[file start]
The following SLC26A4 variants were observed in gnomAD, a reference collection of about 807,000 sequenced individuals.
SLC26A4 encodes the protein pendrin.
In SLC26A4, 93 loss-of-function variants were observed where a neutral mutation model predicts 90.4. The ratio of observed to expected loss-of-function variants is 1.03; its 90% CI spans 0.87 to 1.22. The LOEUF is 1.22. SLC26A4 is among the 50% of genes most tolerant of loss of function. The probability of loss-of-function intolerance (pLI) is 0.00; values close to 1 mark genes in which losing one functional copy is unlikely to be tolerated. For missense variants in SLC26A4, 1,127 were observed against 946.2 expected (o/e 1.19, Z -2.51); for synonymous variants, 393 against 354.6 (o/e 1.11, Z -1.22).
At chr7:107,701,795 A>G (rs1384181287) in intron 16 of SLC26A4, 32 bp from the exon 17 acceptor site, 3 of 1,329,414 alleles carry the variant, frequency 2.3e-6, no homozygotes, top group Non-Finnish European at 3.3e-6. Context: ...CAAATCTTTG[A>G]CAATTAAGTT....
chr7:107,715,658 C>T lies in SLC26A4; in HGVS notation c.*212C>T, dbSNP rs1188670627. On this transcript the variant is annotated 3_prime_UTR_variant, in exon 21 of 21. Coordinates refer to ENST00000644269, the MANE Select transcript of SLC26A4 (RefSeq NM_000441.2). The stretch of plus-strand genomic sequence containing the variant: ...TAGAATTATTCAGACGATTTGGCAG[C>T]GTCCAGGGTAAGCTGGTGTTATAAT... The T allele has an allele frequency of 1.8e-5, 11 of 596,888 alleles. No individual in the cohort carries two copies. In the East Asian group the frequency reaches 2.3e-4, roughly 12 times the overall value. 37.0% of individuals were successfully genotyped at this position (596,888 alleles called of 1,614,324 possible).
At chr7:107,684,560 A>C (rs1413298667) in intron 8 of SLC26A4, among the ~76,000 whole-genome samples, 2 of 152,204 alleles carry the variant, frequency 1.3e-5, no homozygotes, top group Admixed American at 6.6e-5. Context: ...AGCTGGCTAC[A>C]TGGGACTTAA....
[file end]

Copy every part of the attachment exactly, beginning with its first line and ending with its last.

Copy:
The following SLC26A4 variants were observed in gnomAD, a reference collection of about 807,000 sequenced individuals.
SLC26A4 encodes the protein pendrin.
In SLC26A4, 93 loss-of-function variants were observed where a neutral mutation model predicts 90.4. The ratio of observed to expected loss-of-function variants is 1.03; its 90% CI spans 0.87 to 1.22. The LOEUF is 1.22. SLC26A4 is among the 50% of genes most tolerant of loss of function. The probability of loss-of-function intolerance (pLI) is 0.00; values close to 1 mark genes in which losing one functional copy is unlikely to be tolerated. For missense variants in SLC26A4, 1,127 were observed against 946.2 expected (o/e 1.19, Z -2.51); for synonymous variants, 393 against 354.6 (o/e 1.11, Z -1.22).
At chr7:107,701,795 A>G (rs1384181287) in intron 16 of SLC26A4, 32 bp from the exon 17 acceptor site, 3 of 1,329,414 alleles carry the variant, frequency 2.3e-6, no homozygotes, top group Non-Finnish European at 3.3e-6. Context: ...CAAATCTTTG[A>G]CAATTAAGTT....
chr7:107,715,658 C>T lies in SLC26A4; in HGVS notation c.*212C>T, dbSNP rs1188670627. On this transcript the variant is annotated 3_prime_UTR_variant, in exon 21 of 21. Coordinates refer to ENST00000644269, the MANE Select transcript of SLC26A4 (RefSeq NM_000441.2). The stretch of plus-strand genomic sequence containing the variant: ...TAGAATTATTCAGACGATTTGGCAG[C>T]GTCCAGGGTAAGCTGGTGTTATAAT... The T allele has an allele frequency of 1.8e-5, 11 of 596,888 alleles. No individual in the cohort carries two copies. In the East Asian group the frequency reaches 2.3e-4, roughly 12 times the overall value. 37.0% of individuals were successfully genotyped at this position (596,888 alleles called of 1,614,324 possible).
At chr7:107,684,560 A>C (rs1413298667) in intron 8 of SLC26A4, among the ~76,000 whole-genome samples, 2 of 152,204 alleles carry the variant, frequency 1.3e-5, no homozygotes, top group Admixed American at 6.6e-5. Context: ...AGCTGGCTAC[A>C]TGGGACTTAA....